But that is starting to change, according to ‘The 5G Ecosystem’ white paper, with Beijing, and not Washington, in pole position. In a stark statement, the report added:

“China plans to deploy the first widespread 5G network in 2020. First-mover advantage will likely drive significant increases in their handset and telecom equipment vendors market along with their domestic semiconductor and system suppliers.

“As a result, Chinese internet companies will be well-positioned to develop services and applications for their home market that take advantage of 5G speed and low latency. As 5G is deployed across the globe, China’s handset and internet applications and services are likely to become dominant, even if they are excluded from the US.

“China is on a track to repeat in 5G what happened with the United States in 4G.”

Leading the way in this brave new world with Chinese characteristics will be Huawei, which is part of the Intelligent Plus policy. Up to six months ago, it was known as the “Made in China 2025” initiative, a 10-year program launched in 2015.

Rebranded because of the Sino-US trade war, the multibillion-dollar project will create the “smart cities” and “smart factories” of tomorrow.

Members of the Defense Innovation Board. Image: Courtesy of the Defense Innovation Board
The blueprint encompasses an array of industries such as renewables, railways and robotics, as well as the Internet of Things. All of them will be built on the massive digital foundations of big data and linked through artificial intelligence or AI.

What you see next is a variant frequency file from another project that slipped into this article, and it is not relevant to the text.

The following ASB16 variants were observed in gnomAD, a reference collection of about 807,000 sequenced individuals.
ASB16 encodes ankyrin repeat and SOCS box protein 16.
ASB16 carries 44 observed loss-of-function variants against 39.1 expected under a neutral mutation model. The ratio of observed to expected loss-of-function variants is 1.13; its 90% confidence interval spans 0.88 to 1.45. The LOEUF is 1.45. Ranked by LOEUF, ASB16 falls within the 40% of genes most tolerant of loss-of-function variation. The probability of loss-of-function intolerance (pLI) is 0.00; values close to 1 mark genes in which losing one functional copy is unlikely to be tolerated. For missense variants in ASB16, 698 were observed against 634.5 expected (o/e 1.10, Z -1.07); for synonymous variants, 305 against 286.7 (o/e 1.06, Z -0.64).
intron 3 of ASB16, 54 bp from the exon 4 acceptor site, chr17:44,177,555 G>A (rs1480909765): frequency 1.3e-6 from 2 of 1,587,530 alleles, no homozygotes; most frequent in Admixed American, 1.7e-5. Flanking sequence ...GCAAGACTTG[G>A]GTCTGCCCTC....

Moreover, 5G will be the engine room, fuelling superfast networks and processing oceans of data in less than a blink of an eye. Inside that engine room will be Huawei technology.

“We have been actively taking part in 5G rollouts and we won’t see big changes in terms of our geographic involvement at the global scale,” David Wang, a senior executive at the company, said back in April.

Since then, the company founded by former People’s Liberation Army engineer Ren Zhengfei has been accused of having deep ties with the PLA and China’s central government in a series of research papers. The group has categorically denied the allegations.

White paper

Still, Huawei’s starring role in 5G continues to raise concerns in Washington. As the Defense Innovation Board pointed out in its white paper:

“China will shape the entire 5G product market going forward. If companies want to sell their 5G products into China or into any network, they will have to build to Chinese preferred specifications and partner with Chinese companies.

“This increases the risk of product backdoors and vulnerabilities throughout the supply chain. Evidence of backdoors or security vulnerabilities has been discovered in a variety of devices globally. Many of these seem to be related to requirements from the Chinese intelligence community, pressuring companies to [extract] information about domestic users.

“However, if Chinese policy does require backdoor access embedded in devices sold in China for internal security purposes, this compromised code applied to such a large market increases the risk that these vulnerabilities will spill over into the rest of the world.”

For Huawei, to quote their homepage slogan, Building a Fully Connected, Intelligent World appears to be fraught with risks for the rest of the world.